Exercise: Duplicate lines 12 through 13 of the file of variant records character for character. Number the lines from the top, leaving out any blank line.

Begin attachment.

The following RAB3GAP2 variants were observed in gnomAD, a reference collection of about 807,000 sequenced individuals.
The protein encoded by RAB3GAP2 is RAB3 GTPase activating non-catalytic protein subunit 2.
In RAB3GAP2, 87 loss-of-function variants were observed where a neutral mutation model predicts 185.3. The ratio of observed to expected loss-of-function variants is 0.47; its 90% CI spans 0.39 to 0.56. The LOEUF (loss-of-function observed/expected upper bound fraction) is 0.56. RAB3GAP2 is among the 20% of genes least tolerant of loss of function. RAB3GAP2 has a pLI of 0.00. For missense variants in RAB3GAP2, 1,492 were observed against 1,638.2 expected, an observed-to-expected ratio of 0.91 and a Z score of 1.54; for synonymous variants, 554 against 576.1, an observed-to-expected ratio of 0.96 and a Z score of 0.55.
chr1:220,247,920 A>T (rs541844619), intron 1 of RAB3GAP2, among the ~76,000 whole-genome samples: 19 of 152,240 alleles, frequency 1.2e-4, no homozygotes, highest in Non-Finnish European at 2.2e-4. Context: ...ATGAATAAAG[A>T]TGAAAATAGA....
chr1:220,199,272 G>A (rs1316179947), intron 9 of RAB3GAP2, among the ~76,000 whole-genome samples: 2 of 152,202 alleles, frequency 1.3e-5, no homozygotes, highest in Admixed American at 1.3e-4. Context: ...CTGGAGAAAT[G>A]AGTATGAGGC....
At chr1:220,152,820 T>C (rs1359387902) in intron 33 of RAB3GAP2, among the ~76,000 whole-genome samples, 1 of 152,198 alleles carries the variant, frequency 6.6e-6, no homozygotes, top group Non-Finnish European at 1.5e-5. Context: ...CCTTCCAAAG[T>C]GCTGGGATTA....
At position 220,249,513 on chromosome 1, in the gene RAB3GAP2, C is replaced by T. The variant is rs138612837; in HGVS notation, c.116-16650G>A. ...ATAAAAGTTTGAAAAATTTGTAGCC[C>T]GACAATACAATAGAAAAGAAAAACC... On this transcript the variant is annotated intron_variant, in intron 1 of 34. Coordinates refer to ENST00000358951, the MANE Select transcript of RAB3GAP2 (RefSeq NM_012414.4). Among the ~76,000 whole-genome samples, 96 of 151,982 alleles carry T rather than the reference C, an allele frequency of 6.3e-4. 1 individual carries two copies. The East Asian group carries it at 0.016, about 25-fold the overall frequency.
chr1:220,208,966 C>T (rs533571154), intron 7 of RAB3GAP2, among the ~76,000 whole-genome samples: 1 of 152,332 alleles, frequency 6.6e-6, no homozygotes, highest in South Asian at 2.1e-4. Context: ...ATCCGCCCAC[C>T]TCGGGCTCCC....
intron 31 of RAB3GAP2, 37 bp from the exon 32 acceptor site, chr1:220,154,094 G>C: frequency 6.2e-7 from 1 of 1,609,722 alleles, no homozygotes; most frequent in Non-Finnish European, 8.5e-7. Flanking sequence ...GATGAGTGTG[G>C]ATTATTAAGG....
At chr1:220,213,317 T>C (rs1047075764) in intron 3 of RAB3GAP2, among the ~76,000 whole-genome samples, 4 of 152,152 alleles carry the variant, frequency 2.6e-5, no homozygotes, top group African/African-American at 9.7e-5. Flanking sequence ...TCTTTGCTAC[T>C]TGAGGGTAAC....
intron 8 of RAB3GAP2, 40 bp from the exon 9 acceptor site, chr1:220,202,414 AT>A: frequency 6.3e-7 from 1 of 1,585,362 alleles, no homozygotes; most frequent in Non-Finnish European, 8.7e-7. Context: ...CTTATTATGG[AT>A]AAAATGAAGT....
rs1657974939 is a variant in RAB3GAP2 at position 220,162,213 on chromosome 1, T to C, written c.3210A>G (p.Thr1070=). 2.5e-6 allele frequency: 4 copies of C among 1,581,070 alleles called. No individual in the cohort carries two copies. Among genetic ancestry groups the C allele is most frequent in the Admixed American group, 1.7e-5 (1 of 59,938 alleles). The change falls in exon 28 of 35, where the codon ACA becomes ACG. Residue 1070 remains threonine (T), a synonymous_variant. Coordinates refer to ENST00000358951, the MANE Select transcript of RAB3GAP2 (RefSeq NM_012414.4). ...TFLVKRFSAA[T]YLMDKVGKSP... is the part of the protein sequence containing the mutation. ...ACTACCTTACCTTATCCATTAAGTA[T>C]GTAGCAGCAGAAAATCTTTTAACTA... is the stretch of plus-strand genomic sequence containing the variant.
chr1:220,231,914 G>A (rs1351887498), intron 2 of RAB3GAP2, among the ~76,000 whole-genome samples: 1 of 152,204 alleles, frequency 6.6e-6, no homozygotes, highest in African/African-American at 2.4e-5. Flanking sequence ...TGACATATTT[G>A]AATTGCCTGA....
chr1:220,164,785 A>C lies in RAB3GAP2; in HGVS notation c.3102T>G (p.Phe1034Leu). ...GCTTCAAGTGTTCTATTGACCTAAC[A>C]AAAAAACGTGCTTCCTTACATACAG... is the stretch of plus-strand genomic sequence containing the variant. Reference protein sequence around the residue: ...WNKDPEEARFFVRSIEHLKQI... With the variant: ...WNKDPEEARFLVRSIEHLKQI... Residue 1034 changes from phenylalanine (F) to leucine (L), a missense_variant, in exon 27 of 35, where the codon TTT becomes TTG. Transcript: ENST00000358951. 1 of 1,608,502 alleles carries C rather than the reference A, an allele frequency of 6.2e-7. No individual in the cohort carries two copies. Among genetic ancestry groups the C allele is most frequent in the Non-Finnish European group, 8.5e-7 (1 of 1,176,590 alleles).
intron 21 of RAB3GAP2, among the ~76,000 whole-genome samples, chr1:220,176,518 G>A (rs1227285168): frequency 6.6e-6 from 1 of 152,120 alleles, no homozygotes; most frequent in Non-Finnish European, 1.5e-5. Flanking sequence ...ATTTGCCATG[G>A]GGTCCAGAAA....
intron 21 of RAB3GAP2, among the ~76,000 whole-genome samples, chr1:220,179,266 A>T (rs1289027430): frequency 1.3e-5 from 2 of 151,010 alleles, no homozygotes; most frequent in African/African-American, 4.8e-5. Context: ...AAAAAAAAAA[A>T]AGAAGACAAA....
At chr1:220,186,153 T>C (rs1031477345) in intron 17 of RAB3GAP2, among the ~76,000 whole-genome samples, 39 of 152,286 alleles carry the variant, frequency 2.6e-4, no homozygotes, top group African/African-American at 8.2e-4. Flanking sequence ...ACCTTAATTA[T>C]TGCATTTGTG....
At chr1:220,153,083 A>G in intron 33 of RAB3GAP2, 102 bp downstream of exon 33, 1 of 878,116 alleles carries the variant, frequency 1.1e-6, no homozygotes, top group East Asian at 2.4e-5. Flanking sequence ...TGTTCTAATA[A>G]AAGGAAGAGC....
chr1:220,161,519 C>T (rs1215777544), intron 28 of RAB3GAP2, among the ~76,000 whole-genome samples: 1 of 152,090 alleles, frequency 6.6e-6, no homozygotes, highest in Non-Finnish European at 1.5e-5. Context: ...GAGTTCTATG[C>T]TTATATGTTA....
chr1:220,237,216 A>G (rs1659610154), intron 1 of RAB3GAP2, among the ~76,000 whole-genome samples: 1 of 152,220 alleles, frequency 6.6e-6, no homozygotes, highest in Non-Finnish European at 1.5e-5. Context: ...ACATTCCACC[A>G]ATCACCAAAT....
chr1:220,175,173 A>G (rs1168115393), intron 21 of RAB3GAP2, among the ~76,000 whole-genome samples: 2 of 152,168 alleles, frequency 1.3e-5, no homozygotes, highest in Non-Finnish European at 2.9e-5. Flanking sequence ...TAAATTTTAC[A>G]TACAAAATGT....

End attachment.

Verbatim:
rs1657974939 is a variant in RAB3GAP2 at position 220,162,213 on chromosome 1, T to C, written c.3210A>G (p.Thr1070=). 2.5e-6 allele frequency: 4 copies of C among 1,581,070 alleles called. No individual in the cohort carries two copies. Among genetic ancestry groups the C allele is most frequent in the Admixed American group, 1.7e-5 (1 of 59,938 alleles). The change falls in exon 28 of 35, where the codon ACA becomes ACG. Residue 1070 remains threonine (T), a synonymous_variant. Coordinates refer to ENST00000358951, the MANE Select transcript of RAB3GAP2 (RefSeq NM_012414.4). ...TFLVKRFSAA[T]YLMDKVGKSP... is the part of the protein sequence containing the mutation. ...ACTACCTTACCTTATCCATTAAGTA[T>C]GTAGCAGCAGAAAATCTTTTAACTA... is the stretch of plus-strand genomic sequence containing the variant.
chr1:220,231,914 G>A (rs1351887498), intron 2 of RAB3GAP2, among the ~76,000 whole-genome samples: 1 of 152,204 alleles, frequency 6.6e-6, no homozygotes, highest in African/African-American at 2.4e-5. Flanking sequence ...TGACATATTT[G>A]AATTGCCTGA....